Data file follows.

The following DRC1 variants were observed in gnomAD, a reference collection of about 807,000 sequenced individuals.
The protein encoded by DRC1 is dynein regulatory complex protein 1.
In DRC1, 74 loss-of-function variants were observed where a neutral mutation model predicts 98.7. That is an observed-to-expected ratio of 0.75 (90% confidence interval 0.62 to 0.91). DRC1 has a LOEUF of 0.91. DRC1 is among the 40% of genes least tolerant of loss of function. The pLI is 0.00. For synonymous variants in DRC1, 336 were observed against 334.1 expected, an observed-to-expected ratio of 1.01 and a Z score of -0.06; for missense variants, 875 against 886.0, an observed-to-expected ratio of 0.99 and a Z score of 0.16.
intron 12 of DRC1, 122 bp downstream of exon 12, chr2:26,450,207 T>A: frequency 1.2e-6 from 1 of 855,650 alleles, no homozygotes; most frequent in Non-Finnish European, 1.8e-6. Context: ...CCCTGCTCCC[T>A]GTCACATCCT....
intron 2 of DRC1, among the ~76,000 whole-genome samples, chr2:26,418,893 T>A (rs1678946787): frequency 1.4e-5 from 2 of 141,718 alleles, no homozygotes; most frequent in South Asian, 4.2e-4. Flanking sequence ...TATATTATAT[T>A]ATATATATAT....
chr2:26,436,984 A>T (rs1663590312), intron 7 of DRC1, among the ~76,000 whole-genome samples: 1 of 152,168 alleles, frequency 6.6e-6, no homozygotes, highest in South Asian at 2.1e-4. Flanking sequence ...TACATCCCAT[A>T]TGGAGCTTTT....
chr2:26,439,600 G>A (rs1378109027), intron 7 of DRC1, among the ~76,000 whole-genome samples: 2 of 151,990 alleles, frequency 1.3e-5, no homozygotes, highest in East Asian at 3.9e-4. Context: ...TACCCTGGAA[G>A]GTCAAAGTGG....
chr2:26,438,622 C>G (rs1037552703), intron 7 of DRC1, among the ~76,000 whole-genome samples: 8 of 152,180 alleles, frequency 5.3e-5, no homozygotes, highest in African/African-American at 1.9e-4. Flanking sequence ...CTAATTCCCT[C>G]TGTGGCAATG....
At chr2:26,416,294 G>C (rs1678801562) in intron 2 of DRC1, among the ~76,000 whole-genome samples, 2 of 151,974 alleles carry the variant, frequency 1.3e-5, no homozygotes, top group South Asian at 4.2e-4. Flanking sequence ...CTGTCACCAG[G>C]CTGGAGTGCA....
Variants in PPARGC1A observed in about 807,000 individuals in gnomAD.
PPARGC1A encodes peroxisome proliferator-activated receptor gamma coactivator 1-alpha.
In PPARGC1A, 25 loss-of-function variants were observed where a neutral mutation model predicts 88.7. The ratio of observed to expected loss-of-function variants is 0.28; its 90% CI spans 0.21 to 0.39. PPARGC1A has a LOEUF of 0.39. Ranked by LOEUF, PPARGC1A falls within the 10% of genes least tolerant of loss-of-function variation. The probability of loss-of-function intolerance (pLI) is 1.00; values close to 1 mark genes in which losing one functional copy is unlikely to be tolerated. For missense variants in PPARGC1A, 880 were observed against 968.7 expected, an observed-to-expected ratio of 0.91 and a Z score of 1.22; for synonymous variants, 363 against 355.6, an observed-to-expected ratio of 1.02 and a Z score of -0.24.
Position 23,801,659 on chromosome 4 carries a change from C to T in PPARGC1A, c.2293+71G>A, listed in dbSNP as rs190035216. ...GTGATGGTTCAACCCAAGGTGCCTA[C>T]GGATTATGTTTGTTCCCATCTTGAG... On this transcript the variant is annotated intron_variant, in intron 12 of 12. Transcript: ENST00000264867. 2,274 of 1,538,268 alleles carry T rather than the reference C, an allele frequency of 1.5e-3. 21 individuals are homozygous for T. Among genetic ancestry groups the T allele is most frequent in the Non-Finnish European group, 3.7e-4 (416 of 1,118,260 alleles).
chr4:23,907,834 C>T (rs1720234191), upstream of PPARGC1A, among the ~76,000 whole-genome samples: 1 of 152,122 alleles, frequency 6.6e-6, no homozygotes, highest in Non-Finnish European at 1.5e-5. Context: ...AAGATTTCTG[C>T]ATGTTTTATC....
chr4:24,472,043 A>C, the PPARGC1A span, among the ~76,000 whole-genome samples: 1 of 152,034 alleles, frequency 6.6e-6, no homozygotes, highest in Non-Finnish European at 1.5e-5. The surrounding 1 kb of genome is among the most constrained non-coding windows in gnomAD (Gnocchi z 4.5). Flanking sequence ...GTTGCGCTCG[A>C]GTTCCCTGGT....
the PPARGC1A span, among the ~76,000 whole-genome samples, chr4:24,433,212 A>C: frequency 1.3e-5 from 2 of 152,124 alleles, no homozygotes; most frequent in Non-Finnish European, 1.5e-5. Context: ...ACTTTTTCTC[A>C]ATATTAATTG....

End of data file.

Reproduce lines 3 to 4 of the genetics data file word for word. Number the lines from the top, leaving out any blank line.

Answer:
In DRC1, 74 loss-of-function variants were observed where a neutral mutation model predicts 98.7. That is an observed-to-expected ratio of 0.75 (90% confidence interval 0.62 to 0.91). DRC1 has a LOEUF of 0.91. DRC1 is among the 40% of genes least tolerant of loss of function. The pLI is 0.00. For synonymous variants in DRC1, 336 were observed against 334.1 expected, an observed-to-expected ratio of 1.01 and a Z score of -0.06; for missense variants, 875 against 886.0, an observed-to-expected ratio of 0.99 and a Z score of 0.16.
intron 12 of DRC1, 122 bp downstream of exon 12, chr2:26,450,207 T>A: frequency 1.2e-6 from 1 of 855,650 alleles, no homozygotes; most frequent in Non-Finnish European, 1.8e-6. Context: ...CCCTGCTCCC[T>A]GTCACATCCT....